I try to avoid blogging political stories here at this site, but Jimmy Carter calling the Bush administration the worst in history is so awesome. A Bush administration spokesman immediately fired back, dismissing Carter as ‘increasingly irrelevant.’ Huh?

Quick trivia question: how many US Presidents have a Nobel Peace Prize? Answer: only one (Jimmy Carter).

In short, President Carter is the man. And I whole-heartedly agree with his statement.

It’s funny because it’s true.

Further Episode 2 News

Published on May 19, 2007

A recent preview of Half-Life 2: Episode 2, sheds some new light on the next chapter of the Half-Life story. It sounds like the next episode will clock in at between 8 and 9 hours, which is about twice as long as Episode 1. I’m glad they are increasing the game time, since Episode 1 felt very short. The Source engine is also being updated to include lots of new eye candy, which should be a real treat. A “Previously Seen in Episode 1” game montage will open Episode 2, which I find very disappointing. Part of the charm of a Half-Life game is being dropped into the world with no idea as to what’s going on. Being force-fed a recap is going to feel a little jarring, in my estimation.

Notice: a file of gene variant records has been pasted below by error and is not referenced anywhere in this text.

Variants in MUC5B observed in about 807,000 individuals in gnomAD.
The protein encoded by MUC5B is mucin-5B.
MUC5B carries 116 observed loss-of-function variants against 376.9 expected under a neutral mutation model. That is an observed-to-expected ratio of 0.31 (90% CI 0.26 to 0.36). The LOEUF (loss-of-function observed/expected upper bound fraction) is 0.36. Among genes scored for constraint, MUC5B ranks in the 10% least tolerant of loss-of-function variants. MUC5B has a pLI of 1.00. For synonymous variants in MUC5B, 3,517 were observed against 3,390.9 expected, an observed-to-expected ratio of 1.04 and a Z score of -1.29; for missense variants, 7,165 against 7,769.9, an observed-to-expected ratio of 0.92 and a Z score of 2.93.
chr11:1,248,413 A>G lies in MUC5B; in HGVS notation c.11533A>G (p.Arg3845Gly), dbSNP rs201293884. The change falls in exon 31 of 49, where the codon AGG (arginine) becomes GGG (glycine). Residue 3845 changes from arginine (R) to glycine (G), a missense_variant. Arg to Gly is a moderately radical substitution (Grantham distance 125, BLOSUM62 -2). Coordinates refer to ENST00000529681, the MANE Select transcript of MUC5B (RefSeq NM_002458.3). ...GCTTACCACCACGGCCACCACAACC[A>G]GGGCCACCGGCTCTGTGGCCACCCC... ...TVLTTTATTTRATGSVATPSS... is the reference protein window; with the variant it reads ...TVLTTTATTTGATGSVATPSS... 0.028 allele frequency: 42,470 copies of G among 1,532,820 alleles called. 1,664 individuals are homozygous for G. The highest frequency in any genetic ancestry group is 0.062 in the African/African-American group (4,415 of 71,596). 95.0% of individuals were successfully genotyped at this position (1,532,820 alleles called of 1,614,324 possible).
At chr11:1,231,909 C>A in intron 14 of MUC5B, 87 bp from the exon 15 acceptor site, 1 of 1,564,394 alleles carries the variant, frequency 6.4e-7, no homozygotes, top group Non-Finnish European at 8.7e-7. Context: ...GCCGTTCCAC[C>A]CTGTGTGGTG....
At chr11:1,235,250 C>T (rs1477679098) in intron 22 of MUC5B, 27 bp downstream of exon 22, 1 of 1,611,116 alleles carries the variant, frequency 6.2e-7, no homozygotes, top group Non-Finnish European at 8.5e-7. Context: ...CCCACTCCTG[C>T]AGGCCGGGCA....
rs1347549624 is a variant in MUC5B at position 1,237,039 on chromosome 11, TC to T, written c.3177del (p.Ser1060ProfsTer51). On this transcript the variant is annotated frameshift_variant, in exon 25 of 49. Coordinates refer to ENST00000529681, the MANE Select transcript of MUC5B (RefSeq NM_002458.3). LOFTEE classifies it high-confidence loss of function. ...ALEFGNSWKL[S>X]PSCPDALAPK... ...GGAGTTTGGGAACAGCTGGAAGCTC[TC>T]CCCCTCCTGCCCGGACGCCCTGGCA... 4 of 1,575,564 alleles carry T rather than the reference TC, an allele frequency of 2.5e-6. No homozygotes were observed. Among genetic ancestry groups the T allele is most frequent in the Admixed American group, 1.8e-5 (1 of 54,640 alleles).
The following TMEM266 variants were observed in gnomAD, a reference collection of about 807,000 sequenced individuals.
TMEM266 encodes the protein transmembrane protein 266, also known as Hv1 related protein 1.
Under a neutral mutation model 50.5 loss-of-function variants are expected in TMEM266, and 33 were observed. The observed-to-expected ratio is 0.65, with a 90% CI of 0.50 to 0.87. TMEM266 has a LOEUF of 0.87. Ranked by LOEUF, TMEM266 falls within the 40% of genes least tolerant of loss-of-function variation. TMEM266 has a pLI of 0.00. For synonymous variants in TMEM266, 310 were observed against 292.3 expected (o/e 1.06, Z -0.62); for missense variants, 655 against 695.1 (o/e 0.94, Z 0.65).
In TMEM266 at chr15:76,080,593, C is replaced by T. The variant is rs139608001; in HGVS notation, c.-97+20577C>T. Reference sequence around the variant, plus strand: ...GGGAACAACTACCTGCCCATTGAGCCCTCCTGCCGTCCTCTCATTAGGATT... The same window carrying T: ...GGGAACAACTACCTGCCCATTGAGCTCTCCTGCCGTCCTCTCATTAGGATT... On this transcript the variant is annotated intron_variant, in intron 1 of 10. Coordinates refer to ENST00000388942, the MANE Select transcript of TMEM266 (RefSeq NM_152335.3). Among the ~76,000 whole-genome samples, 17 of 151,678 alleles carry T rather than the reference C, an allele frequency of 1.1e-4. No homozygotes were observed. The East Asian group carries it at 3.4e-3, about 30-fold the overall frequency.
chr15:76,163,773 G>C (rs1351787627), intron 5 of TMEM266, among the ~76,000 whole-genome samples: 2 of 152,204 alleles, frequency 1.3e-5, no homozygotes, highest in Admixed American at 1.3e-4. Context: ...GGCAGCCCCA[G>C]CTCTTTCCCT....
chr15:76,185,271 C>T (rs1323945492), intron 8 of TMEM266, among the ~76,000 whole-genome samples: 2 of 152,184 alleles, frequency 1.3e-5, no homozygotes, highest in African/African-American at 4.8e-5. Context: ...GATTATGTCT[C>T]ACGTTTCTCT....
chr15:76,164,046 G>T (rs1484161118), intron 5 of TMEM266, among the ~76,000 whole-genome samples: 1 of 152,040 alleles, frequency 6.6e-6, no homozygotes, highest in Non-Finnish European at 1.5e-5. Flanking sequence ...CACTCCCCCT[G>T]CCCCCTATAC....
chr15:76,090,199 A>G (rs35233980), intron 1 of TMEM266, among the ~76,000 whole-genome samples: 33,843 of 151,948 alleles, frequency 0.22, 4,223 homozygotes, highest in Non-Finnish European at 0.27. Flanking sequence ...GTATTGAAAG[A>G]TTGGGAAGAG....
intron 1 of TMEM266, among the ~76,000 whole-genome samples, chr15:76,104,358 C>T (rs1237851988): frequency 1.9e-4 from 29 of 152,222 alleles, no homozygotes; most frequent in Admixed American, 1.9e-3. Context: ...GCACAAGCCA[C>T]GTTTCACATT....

Another bit of sad news is that the Black Box edition of the game has been canceled. The only version that will be made available is the Orange Box edition, which includes a full copy of Half-Life 2 and Episode 1. Why would I want to pay for products that I already own? I find this decision most disappointing.

Is Firefox Getting Bloated?

Published on May 17, 2007

I just read an interesting article over at Wired that essentially asks “Is Firefox Getting Bloated?” The article compares Firefox to SeaMonkey. I was a Mozilla browser user well before it was named “SeaMonkey”, and well before Firefox 1.0 was released. During that time, I really came to despise the bloat in the application. Firefox was an incredible breath of fresh air when it was released: light-weight and responsive.

Personally, I feel that Firefox still exhibits both qualities. But I can see the argument made by the Wired article. Additional features, some of which many users may not actually care about, are creeping into the code base. Built-in support for microformats (something that I still don’t fully understand) is coming in Firefox 3.0. Do users really need this? Mozilla apparently thinks so. Many users may disagree.

There are certainly areas where Firefox could improve (in-browser support for both Java applets and PDF files are horrible). But I think Firefox is in great shape now. One thing I know for certain is that I’m never going back to Internet Explorer. (Side Note: I recently installed IE 7 on my work laptop … man, is it horrible.)

What do you think? Is Firefox too bloated? Too lean? Just right?

WordPress 2.2 Released

Published on May 16, 2007